Editor's Pick

Mistresses on TVNZ Ondemand

Mistresses - Watch Fast

Series 2, Episode 12 Surprise 29 Aug 14 00:40:21

Top Shows

Contact ONE News

Indiana casting a surprise for Allen

Published: 11:22AM Tuesday May 06, 2008 Source: AAP

In January 2007, Karen Allen was standing in a small fashion studio she built in her home hidden among the lush, quiet hills of south-west Massachusetts.

The 56-year-old was surrounded by eight Japanese knitting machines.

The phone rang.

"Hi Karen, it's Steven Spielberg," the voice on the line casually said.

Allen almost dropped the phone.

"The call was completely out of the blue," Allen, still shocked, recalled to AAP in an interview.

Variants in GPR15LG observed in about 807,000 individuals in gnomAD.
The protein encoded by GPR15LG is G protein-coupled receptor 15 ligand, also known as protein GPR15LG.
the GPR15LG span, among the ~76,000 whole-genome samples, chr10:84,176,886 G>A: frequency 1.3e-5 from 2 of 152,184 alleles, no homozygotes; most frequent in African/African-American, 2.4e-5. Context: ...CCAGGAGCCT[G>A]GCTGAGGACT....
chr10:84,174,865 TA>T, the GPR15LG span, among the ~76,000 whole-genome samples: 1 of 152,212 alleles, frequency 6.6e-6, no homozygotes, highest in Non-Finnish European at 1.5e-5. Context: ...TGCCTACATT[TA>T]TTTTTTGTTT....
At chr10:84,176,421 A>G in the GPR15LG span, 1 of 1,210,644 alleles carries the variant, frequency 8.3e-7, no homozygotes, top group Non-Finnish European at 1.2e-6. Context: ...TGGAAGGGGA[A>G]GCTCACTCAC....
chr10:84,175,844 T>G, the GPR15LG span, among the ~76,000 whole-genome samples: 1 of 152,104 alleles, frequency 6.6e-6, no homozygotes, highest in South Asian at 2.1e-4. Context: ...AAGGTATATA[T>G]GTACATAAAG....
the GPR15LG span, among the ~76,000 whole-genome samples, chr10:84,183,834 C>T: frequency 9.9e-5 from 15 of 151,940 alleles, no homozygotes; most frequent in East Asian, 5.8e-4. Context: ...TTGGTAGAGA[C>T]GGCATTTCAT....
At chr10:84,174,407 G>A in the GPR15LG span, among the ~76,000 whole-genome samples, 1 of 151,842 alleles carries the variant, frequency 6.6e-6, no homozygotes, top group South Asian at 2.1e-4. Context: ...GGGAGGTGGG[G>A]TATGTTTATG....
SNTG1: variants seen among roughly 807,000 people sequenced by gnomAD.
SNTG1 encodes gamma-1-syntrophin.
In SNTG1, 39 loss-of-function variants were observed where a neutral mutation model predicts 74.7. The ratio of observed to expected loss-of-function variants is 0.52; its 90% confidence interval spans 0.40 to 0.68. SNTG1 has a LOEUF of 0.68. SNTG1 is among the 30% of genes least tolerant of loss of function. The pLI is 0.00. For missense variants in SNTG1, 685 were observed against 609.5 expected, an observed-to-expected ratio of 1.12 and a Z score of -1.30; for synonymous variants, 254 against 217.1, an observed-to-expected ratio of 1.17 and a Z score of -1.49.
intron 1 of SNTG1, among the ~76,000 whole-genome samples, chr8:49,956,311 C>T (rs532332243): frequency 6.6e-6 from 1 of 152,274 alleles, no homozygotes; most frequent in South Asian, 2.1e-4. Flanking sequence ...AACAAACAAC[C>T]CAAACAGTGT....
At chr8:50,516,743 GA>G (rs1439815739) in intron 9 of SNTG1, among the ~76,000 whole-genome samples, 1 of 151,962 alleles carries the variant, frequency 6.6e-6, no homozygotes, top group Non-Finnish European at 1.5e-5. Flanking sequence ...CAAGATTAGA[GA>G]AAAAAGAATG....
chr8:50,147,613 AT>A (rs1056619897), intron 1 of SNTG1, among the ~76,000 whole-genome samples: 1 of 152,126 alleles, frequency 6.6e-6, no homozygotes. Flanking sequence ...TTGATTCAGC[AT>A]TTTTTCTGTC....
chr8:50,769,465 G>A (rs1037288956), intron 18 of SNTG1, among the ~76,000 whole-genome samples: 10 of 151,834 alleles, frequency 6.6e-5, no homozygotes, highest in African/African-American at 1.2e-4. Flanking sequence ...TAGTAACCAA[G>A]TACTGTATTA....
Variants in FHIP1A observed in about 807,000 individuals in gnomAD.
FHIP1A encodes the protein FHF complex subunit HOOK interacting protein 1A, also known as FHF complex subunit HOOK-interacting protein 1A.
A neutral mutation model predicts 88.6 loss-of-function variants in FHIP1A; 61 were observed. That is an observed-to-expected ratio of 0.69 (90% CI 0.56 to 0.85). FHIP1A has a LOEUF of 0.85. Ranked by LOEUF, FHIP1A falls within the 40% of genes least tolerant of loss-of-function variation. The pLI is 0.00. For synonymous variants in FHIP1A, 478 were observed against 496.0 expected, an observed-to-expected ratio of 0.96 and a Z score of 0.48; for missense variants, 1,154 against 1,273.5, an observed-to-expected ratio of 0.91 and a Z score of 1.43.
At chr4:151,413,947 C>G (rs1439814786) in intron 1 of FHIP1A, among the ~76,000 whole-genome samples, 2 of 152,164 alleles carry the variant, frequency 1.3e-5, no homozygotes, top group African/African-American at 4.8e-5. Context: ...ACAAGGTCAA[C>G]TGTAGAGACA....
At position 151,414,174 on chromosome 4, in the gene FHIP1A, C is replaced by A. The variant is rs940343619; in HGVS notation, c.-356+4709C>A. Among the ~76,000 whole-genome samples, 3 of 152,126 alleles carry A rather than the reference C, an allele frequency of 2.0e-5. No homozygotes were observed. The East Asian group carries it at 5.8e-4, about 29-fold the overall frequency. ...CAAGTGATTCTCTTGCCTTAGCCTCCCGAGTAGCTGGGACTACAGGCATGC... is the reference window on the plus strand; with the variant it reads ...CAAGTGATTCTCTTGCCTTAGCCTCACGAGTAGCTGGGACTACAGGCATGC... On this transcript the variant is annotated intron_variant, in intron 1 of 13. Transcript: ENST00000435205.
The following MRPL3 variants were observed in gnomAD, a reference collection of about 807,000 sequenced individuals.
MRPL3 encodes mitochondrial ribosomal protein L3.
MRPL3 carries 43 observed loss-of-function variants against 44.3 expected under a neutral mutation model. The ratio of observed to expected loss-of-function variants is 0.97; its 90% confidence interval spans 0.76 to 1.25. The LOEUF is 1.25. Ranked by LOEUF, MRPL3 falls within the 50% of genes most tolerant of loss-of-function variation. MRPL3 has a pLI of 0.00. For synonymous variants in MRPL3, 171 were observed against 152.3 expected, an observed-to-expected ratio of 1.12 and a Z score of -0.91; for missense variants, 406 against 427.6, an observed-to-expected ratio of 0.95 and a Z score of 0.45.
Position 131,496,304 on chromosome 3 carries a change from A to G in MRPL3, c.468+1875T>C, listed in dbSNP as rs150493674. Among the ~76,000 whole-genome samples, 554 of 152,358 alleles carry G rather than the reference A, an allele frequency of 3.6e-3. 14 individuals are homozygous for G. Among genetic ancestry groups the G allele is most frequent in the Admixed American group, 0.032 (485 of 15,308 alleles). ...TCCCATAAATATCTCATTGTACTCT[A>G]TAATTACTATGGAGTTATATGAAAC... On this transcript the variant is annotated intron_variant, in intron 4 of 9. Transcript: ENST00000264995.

It had been years since she chatted with the Oscar-winning director and producer.

"Steven said 'I guess you know why I'm calling'," Allen recalled.

"I said: 'No, I have no idea'.

"He said: 'Haven't you been watching TV?'.

"I said: 'No, I haven't had the TV on for the past few days'.

"Steven said: 'We've announced we're going to make the movie and we've written a wonderful role for you'.

"I said: 'Fantastic'.

"I was blown away."

The movie Spielberg was talking about was Indiana Jones and the Kingdom of the Crystal Skull, the long-awaited Indiana Jones sequel and a film that many, including Allen, thought might never be made after countless rumours and false starts.

Allen starred alongside Harrison Ford in the original film from the Indiana Jones adventure franchise, 1981's Raiders of the Lost Ark, directed by Spielberg and co-written by George Lucas.